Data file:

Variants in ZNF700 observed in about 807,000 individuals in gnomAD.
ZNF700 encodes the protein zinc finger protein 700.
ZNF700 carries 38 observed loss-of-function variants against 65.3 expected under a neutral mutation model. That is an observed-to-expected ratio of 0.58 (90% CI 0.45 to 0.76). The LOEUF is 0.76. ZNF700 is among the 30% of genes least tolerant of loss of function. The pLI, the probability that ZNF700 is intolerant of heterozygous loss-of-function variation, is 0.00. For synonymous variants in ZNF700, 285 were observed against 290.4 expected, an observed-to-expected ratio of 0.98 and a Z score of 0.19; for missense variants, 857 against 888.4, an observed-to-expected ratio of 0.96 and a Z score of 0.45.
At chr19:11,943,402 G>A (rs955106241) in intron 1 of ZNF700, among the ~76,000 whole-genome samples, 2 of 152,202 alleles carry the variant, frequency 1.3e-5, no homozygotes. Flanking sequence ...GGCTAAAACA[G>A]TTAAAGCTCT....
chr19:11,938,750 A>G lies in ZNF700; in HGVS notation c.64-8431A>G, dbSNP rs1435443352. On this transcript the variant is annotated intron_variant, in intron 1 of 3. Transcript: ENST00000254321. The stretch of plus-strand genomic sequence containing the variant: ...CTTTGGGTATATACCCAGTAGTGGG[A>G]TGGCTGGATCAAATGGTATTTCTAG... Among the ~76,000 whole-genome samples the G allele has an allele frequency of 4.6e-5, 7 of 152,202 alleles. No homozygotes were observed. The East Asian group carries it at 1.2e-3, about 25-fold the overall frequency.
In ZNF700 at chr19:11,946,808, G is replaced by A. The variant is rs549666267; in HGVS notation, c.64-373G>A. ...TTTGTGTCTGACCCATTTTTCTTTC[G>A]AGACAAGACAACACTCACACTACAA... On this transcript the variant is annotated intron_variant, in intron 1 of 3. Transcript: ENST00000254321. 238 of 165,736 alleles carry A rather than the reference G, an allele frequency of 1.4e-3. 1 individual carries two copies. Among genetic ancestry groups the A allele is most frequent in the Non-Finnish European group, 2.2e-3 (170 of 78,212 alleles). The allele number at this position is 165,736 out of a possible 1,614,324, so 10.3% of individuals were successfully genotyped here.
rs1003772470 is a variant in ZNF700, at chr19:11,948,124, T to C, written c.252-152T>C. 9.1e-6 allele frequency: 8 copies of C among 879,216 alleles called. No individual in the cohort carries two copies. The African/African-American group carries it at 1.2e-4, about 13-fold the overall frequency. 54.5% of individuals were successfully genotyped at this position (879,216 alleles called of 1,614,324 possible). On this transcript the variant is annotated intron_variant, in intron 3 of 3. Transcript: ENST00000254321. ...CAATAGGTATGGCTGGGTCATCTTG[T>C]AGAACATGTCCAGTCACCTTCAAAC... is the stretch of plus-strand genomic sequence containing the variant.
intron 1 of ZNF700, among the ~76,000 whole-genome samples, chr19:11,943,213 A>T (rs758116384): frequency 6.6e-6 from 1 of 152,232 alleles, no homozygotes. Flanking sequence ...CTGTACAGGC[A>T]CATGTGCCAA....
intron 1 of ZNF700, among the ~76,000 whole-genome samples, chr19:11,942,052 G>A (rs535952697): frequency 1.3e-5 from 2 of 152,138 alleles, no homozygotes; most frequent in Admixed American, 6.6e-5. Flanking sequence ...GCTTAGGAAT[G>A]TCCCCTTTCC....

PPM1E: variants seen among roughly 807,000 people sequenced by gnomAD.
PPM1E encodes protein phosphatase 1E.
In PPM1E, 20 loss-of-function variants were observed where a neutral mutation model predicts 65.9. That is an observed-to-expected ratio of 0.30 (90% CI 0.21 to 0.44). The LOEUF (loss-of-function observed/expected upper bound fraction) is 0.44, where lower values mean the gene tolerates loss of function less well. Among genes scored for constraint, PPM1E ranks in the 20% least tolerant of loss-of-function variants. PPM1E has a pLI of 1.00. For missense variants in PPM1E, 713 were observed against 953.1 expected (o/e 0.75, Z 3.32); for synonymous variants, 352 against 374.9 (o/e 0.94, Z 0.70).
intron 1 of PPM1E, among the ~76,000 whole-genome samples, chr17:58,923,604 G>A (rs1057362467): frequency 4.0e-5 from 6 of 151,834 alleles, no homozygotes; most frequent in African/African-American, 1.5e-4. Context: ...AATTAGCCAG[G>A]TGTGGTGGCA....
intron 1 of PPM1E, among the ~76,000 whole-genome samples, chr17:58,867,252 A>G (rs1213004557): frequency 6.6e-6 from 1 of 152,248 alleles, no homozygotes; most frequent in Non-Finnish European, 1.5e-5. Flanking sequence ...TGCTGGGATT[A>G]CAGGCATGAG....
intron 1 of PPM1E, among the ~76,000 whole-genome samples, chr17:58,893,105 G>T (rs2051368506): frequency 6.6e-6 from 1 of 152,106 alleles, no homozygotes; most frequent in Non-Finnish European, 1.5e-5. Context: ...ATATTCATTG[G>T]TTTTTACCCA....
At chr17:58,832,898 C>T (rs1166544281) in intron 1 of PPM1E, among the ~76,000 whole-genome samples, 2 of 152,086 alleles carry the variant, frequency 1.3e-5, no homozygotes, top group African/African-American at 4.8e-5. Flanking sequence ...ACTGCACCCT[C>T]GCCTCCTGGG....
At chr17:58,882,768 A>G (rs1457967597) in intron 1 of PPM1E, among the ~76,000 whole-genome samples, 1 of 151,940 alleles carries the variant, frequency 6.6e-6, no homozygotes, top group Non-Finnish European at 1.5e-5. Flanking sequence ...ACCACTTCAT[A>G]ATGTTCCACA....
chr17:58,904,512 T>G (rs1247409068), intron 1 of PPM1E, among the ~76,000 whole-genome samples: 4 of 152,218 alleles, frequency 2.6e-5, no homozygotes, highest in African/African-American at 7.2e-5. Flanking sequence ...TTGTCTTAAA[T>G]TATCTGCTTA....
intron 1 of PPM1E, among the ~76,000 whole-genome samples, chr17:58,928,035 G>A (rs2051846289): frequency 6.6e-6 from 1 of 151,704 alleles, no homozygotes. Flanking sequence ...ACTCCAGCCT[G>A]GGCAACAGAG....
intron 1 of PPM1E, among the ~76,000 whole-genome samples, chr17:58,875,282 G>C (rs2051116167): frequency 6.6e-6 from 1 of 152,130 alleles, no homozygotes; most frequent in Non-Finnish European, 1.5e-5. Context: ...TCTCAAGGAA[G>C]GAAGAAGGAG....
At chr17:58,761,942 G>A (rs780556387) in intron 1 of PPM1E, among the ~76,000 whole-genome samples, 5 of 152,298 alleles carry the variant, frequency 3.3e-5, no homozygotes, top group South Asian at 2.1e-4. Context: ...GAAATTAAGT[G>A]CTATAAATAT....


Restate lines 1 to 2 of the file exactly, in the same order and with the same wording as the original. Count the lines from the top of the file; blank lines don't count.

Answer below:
Variants in ZNF700 observed in about 807,000 individuals in gnomAD.
ZNF700 encodes the protein zinc finger protein 700.